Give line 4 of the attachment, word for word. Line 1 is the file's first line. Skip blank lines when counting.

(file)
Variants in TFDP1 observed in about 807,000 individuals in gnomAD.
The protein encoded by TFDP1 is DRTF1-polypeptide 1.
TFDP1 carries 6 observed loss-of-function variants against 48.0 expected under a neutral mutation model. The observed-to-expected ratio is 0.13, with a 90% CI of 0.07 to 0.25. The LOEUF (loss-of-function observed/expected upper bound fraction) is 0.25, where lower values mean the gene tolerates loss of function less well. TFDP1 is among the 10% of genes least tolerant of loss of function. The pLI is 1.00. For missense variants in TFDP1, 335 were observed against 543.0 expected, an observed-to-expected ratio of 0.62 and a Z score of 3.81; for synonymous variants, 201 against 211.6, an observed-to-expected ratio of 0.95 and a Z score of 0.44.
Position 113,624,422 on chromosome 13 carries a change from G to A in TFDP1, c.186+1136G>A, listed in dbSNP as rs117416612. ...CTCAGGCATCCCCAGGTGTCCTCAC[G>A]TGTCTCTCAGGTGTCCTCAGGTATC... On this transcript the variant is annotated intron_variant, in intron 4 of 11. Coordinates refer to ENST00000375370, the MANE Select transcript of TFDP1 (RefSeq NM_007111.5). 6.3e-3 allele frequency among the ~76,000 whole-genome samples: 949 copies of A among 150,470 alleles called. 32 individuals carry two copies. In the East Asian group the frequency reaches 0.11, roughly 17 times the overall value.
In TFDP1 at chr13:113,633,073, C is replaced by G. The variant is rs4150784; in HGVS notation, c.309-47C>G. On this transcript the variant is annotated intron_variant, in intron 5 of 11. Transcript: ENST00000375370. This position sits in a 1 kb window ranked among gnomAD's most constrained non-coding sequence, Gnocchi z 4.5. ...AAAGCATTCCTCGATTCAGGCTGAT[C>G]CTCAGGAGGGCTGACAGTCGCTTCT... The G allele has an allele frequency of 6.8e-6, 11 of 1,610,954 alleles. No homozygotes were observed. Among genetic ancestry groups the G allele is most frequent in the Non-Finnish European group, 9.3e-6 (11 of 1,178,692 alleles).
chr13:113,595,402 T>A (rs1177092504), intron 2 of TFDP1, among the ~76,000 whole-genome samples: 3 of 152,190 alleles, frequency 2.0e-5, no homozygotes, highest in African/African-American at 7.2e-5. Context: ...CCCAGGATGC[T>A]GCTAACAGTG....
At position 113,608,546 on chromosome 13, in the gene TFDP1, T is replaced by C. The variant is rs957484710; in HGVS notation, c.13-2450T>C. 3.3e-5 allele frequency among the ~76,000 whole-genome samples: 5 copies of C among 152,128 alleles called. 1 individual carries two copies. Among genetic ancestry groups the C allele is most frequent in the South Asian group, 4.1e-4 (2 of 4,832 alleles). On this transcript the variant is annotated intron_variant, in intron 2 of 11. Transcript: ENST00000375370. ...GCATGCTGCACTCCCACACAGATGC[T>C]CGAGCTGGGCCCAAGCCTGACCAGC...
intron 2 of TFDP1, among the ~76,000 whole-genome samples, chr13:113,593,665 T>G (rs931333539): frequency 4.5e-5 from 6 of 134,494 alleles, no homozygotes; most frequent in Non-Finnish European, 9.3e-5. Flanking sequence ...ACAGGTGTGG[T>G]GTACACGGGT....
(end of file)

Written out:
Position 113,624,422 on chromosome 13 carries a change from G to A in TFDP1, c.186+1136G>A, listed in dbSNP as rs117416612. ...CTCAGGCATCCCCAGGTGTCCTCAC[G>A]TGTCTCTCAGGTGTCCTCAGGTATC... On this transcript the variant is annotated intron_variant, in intron 4 of 11. Coordinates refer to ENST00000375370, the MANE Select transcript of TFDP1 (RefSeq NM_007111.5). 6.3e-3 allele frequency among the ~76,000 whole-genome samples: 949 copies of A among 150,470 alleles called. 32 individuals carry two copies. In the East Asian group the frequency reaches 0.11, roughly 17 times the overall value.